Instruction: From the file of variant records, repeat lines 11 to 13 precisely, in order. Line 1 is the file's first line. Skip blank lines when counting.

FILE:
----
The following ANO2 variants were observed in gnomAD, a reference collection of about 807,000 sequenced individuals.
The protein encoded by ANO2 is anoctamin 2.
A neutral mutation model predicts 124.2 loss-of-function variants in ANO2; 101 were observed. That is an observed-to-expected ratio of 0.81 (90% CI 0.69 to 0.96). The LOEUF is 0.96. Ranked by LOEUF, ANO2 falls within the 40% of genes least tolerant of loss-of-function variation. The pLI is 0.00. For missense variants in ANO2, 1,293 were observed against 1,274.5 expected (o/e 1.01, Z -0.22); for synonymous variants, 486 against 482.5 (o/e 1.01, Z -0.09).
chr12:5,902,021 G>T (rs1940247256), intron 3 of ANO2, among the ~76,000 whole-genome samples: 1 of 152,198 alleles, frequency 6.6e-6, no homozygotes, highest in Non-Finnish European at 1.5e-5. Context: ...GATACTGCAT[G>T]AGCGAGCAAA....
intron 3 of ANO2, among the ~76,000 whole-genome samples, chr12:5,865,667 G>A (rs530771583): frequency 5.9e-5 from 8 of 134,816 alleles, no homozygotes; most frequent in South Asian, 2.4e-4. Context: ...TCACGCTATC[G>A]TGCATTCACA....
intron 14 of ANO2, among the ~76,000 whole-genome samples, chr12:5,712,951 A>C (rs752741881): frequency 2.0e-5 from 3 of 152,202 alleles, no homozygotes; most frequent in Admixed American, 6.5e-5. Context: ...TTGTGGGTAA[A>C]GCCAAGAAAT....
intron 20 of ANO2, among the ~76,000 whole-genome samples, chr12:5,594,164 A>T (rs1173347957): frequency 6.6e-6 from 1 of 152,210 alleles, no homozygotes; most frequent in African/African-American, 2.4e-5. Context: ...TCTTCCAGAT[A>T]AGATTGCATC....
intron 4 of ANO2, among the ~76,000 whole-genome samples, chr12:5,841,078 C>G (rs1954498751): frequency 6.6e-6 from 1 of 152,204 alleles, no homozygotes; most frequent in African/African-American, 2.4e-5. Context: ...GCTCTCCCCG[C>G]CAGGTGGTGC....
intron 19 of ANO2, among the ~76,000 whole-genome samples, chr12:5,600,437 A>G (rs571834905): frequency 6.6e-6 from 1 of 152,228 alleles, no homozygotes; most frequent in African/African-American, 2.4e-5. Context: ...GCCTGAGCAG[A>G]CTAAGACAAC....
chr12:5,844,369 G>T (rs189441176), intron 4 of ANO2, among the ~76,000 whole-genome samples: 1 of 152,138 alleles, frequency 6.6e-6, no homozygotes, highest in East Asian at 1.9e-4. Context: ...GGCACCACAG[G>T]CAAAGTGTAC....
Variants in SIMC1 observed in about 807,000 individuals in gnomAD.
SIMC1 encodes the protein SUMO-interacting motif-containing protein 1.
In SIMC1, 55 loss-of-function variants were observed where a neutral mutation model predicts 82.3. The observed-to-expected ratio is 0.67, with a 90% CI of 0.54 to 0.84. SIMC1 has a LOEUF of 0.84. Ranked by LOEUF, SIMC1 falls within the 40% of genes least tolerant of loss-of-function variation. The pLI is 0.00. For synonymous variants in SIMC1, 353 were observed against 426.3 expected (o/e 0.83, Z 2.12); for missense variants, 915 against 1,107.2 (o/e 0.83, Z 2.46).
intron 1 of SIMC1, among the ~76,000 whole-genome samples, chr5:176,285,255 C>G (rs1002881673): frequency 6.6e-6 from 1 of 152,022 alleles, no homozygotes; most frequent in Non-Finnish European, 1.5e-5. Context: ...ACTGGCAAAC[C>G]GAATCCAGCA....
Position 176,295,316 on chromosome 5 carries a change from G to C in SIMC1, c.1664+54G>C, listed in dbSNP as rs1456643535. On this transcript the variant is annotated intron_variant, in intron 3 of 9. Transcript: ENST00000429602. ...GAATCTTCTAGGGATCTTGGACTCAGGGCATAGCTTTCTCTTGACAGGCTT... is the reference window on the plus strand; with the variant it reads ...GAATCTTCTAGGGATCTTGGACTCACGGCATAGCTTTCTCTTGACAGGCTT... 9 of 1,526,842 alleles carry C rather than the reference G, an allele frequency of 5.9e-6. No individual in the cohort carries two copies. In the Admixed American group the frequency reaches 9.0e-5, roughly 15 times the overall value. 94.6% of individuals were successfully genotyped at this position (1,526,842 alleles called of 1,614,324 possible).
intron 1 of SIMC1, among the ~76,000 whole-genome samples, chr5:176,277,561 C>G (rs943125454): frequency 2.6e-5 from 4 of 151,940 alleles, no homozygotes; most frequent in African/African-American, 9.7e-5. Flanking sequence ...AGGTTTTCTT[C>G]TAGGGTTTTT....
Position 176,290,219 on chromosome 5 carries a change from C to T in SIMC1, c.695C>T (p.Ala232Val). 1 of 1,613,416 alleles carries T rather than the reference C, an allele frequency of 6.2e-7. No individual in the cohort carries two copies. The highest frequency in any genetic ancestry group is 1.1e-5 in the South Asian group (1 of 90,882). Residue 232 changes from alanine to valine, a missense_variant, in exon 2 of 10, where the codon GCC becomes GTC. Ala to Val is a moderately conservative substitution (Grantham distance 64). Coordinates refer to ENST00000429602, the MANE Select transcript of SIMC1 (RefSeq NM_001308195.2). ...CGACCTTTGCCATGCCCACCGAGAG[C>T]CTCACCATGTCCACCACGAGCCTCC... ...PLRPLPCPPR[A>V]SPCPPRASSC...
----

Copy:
Variants in SIMC1 observed in about 807,000 individuals in gnomAD.
SIMC1 encodes the protein SUMO-interacting motif-containing protein 1.
In SIMC1, 55 loss-of-function variants were observed where a neutral mutation model predicts 82.3. The observed-to-expected ratio is 0.67, with a 90% CI of 0.54 to 0.84. SIMC1 has a LOEUF of 0.84. Ranked by LOEUF, SIMC1 falls within the 40% of genes least tolerant of loss-of-function variation. The pLI is 0.00. For synonymous variants in SIMC1, 353 were observed against 426.3 expected (o/e 0.83, Z 2.12); for missense variants, 915 against 1,107.2 (o/e 0.83, Z 2.46).